I'd sure love to see a fluent expression that describes those expressions.
Omer Mor - October 23, 2006 10:51am
I think you're wrong personally. Before I read anything about your article, I tried to read your easy to read expression, it was easier to read, but not easier to understand.

I think people just have to find a nice guide to learning regular expressions. They're very powerful and useful and if you put the effort in, it pays off. You *could* learn to do it this way, but I think in the end it would be just as hard trying to remember what does what as it is to remember what a character does.

Nice idea though!
John Hunt - October 25, 2006 03:21am
A nice idea in principle, but from the example in this post it strikes me that a user of this library needs to learn a fairly complex syntax which is almost as far from "plain english" as regex, when they could simply learn how to do regex.

'Literal("-").Repeat.Optional' does not automatically imply the same in my mind as '-?', but instead something more like '-*' or '-+'.

In my opinion a better system would be a regex compiler whereby you can communicate what you want in a far more English way, something along the lines of <a href="">Regular Expression Workbench</a> but perhaps even simpler.
Chris Hollis - October 25, 2006 03:54am
May I suggest "Some html is allowed" be elaborated on? :( Never mind, I expect those reading the comment can extract the URL anyhow... maybe they can construct a regex to do it for them ;)
Chris Hollis - October 25, 2006 04:05am
Thanks for the feedback, everyone.

Omer: Yes, there are some edge cases that my proof-of-concept code does not cover. That doesn't mean they can't be done, it just means I didn't want to spend the time to cover every case before asking for feedback. Thanks for providing a real-world case that I can use for testing when I get to that. Any suggestions on how you think it should look?

John & Chris: I know there are other ways that would help make "creating" regular expressions easier (learning the syntax, or using a workbench tool). My attempt was to make "reading" regular expressions easier. Of course I understand that is completely subjective. If you think the one character symbols and punctuation are easier to understand, who am I to disagree?
I completely expected disagreements about the method names that I chose - that's why I said none of the names are set in stone and was asking for feedback. It sounds like the choice of "Repeat.Optional" for '0 or 1' was not a good choice, as a couple people have mentioned it. Any alternative suggestions? Would you prefer a "wrapping" appearance for optional, like this:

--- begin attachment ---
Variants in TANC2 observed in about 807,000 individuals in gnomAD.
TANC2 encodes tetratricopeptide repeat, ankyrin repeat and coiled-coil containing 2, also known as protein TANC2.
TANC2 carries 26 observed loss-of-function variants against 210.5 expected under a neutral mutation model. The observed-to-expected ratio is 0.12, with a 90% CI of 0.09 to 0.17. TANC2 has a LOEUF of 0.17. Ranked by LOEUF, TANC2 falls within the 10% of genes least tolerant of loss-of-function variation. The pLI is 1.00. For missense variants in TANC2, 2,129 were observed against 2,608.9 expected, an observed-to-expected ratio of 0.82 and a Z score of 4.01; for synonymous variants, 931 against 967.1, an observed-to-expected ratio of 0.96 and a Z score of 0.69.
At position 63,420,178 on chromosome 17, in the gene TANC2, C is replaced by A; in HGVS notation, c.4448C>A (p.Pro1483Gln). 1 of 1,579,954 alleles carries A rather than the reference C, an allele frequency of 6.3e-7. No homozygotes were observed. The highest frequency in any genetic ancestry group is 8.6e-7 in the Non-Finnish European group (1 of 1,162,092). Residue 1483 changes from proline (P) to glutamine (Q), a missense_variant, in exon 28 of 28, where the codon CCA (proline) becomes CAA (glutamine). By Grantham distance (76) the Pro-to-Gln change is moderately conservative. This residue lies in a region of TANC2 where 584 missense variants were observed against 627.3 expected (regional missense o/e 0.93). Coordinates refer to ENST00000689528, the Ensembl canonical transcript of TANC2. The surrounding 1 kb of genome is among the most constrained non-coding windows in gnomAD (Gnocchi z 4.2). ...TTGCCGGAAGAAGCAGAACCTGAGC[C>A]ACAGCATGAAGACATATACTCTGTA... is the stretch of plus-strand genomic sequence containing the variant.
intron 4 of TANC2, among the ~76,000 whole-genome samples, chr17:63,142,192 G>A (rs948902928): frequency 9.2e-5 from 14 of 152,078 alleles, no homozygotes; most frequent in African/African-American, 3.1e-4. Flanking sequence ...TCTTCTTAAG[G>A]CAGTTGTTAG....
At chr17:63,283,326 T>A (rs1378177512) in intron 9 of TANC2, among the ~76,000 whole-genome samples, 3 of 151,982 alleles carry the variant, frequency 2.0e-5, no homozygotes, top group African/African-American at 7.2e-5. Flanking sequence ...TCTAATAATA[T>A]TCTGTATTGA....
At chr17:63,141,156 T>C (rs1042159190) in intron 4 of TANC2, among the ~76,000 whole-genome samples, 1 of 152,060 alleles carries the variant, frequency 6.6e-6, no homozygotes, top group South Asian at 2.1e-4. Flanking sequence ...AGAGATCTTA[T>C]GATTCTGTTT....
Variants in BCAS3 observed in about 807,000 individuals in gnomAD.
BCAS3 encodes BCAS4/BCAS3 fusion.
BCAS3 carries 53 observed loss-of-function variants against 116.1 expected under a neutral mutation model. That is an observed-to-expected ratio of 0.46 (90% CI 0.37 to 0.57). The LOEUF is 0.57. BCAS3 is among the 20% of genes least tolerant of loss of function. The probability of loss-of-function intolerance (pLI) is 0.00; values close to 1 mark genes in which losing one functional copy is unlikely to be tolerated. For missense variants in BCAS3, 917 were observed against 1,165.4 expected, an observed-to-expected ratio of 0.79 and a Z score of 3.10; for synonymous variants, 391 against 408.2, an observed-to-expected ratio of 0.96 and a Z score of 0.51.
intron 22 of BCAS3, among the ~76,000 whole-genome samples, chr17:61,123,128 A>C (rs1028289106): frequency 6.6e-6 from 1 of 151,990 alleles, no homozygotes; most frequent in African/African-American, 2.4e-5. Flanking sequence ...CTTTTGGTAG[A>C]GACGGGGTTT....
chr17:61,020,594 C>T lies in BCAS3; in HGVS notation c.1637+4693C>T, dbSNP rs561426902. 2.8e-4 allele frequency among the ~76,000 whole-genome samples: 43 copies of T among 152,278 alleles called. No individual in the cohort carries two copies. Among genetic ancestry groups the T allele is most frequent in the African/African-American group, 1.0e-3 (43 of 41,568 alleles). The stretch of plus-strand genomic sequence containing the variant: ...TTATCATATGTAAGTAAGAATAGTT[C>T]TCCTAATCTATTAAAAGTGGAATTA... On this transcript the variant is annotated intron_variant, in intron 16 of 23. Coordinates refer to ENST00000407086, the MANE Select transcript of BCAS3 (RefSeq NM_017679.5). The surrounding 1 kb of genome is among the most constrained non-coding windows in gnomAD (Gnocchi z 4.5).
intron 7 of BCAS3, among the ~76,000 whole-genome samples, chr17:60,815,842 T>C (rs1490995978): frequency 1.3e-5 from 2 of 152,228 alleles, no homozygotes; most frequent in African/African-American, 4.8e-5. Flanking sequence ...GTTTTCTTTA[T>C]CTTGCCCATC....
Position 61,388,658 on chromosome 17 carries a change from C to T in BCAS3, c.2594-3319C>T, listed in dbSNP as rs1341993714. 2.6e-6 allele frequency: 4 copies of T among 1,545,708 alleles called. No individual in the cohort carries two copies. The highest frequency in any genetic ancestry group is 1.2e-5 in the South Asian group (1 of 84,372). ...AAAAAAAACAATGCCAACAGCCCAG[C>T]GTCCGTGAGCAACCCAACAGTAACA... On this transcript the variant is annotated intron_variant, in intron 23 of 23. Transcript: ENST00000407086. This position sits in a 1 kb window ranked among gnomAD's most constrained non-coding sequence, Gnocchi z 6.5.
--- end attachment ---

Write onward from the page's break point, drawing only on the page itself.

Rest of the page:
Pattern.With.Digit.Optional(Pattern.With.Literal("-")); // renders as: \d-?

I originally did all the repetition using that wrapping syntax, but felt it didn't read as smoothly.

Thanks for the reminder Chris - I need to fix DasBlog so it doesn't show "Some html is allowed" when I have all HTML disabled. It normally lists the symbols you allow, but since I don't allow anything, it doesn't list anything...
Joshua Flanagan - October 25, 2006 09:24pm
Hi Joshua,

Very cool! You might also be interested in this approach, which is a way to get a similar result with a more concise syntax:
John Rusk - October 29, 2006 10:39pm
Very cool!

I wrote about the need for a better RegEx syntax last year, but didn't have any ideas on how to implement it. This is a really cool solution to the "write only" RegEx syntax.
Jon Galloway - October 30, 2006 12:56pm

Maybe we could put a collection of common expression together using the lib?

Schneider - February 17, 2007 10:13pm
Absolutely ridiculous. If you can't read/write regex, stop coding. You turned 1 line of code into 10. Maintainability is also related to the number of lines of code. Working with .NET must have clouded your thinking. Objects are not the be all end all of the programming world. Just sit down and learn Perl, then this stuff won't be so hard for you.
Steve - October 31, 2007 12:02pm
Steve - if you can't read/write your code using 1s and 0s, please stop coding. Working with higher level languages like perl must have clouded your thinking.
Joshua Flanagan - October 31, 2007 04:18pm
The only thing that absolutely stinks about fluent interfaces is their debuggability. The compiler treats this as one line of code, so it's impossible to step into individual calls.

The only way I could help this was to create a debug visualizer, you might look into that. You could hover over the variable, and the visualizer could show you the resultant regex. Just a thought...
Jimmy Bogard - November 02, 2007 06:43am
Josh: I *can* read and write in hex. Well, a workable Z80 subset. However, you ignored the main point: ones and zeroes are in no way shorter than higher-level code.

I think there is a misconception of readability here: The problem is not that you need to know what the syntactical elements of the regexp mean. Rather you need to understand what the whole expression actually does, and the verbose form doesn't help here at all.

Also I thing the fluency suffers from being forced into the chained methods. There is no syntactical indication that 'Repeats' modifies the meaning of the previous entity while 'Digits' doesn't.